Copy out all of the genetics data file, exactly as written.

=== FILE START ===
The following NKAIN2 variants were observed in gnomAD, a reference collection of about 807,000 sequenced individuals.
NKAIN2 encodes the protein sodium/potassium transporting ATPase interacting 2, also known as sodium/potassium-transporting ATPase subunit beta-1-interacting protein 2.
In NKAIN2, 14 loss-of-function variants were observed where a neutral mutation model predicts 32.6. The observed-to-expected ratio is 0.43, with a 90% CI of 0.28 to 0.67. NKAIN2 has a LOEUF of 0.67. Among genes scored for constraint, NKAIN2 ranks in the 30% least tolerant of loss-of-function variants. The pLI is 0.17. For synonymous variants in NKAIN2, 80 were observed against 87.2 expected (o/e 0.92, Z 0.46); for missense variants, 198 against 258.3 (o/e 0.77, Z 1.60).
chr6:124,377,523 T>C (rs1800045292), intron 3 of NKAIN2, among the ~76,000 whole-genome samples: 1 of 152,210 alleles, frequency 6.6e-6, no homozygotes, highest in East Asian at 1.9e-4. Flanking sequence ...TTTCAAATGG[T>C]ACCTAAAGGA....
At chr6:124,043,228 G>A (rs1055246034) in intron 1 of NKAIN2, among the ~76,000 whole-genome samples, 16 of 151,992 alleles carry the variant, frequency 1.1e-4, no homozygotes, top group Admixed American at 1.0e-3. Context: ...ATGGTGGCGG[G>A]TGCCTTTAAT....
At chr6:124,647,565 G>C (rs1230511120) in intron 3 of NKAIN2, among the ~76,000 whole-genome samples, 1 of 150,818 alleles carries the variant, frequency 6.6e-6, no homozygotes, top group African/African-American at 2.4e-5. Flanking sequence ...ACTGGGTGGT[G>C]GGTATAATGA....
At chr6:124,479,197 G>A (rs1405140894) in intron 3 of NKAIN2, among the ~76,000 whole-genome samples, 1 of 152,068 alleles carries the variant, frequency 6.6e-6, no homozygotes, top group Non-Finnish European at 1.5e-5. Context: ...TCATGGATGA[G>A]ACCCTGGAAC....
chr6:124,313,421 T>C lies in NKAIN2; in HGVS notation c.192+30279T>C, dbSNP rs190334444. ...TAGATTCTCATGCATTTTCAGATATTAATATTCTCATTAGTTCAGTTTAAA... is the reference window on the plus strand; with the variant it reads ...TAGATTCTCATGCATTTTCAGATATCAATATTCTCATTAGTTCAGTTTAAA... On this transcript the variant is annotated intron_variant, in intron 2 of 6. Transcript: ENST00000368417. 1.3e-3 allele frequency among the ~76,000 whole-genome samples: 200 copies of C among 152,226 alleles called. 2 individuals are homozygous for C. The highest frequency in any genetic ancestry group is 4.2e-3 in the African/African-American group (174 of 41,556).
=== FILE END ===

The following NKAIN2 variants were observed in gnomAD, a reference collection of about 807,000 sequenced individuals.
NKAIN2 encodes the protein sodium/potassium transporting ATPase interacting 2, also known as sodium/potassium-transporting ATPase subunit beta-1-interacting protein 2.
In NKAIN2, 14 loss-of-function variants were observed where a neutral mutation model predicts 32.6. The observed-to-expected ratio is 0.43, with a 90% CI of 0.28 to 0.67. NKAIN2 has a LOEUF of 0.67. Among genes scored for constraint, NKAIN2 ranks in the 30% least tolerant of loss-of-function variants. The pLI is 0.17. For synonymous variants in NKAIN2, 80 were observed against 87.2 expected (o/e 0.92, Z 0.46); for missense variants, 198 against 258.3 (o/e 0.77, Z 1.60).
chr6:124,377,523 T>C (rs1800045292), intron 3 of NKAIN2, among the ~76,000 whole-genome samples: 1 of 152,210 alleles, frequency 6.6e-6, no homozygotes, highest in East Asian at 1.9e-4. Flanking sequence ...TTTCAAATGG[T>C]ACCTAAAGGA....
At chr6:124,043,228 G>A (rs1055246034) in intron 1 of NKAIN2, among the ~76,000 whole-genome samples, 16 of 151,992 alleles carry the variant, frequency 1.1e-4, no homozygotes, top group Admixed American at 1.0e-3. Context: ...ATGGTGGCGG[G>A]TGCCTTTAAT....
At chr6:124,647,565 G>C (rs1230511120) in intron 3 of NKAIN2, among the ~76,000 whole-genome samples, 1 of 150,818 alleles carries the variant, frequency 6.6e-6, no homozygotes, top group African/African-American at 2.4e-5. Flanking sequence ...ACTGGGTGGT[G>C]GGTATAATGA....
At chr6:124,479,197 G>A (rs1405140894) in intron 3 of NKAIN2, among the ~76,000 whole-genome samples, 1 of 152,068 alleles carries the variant, frequency 6.6e-6, no homozygotes, top group Non-Finnish European at 1.5e-5. Context: ...TCATGGATGA[G>A]ACCCTGGAAC....
chr6:124,313,421 T>C lies in NKAIN2; in HGVS notation c.192+30279T>C, dbSNP rs190334444. ...TAGATTCTCATGCATTTTCAGATATTAATATTCTCATTAGTTCAGTTTAAA... is the reference window on the plus strand; with the variant it reads ...TAGATTCTCATGCATTTTCAGATATCAATATTCTCATTAGTTCAGTTTAAA... On this transcript the variant is annotated intron_variant, in intron 2 of 6. Transcript: ENST00000368417. 1.3e-3 allele frequency among the ~76,000 whole-genome samples: 200 copies of C among 152,226 alleles called. 2 individuals are homozygous for C. The highest frequency in any genetic ancestry group is 4.2e-3 in the African/African-American group (174 of 41,556).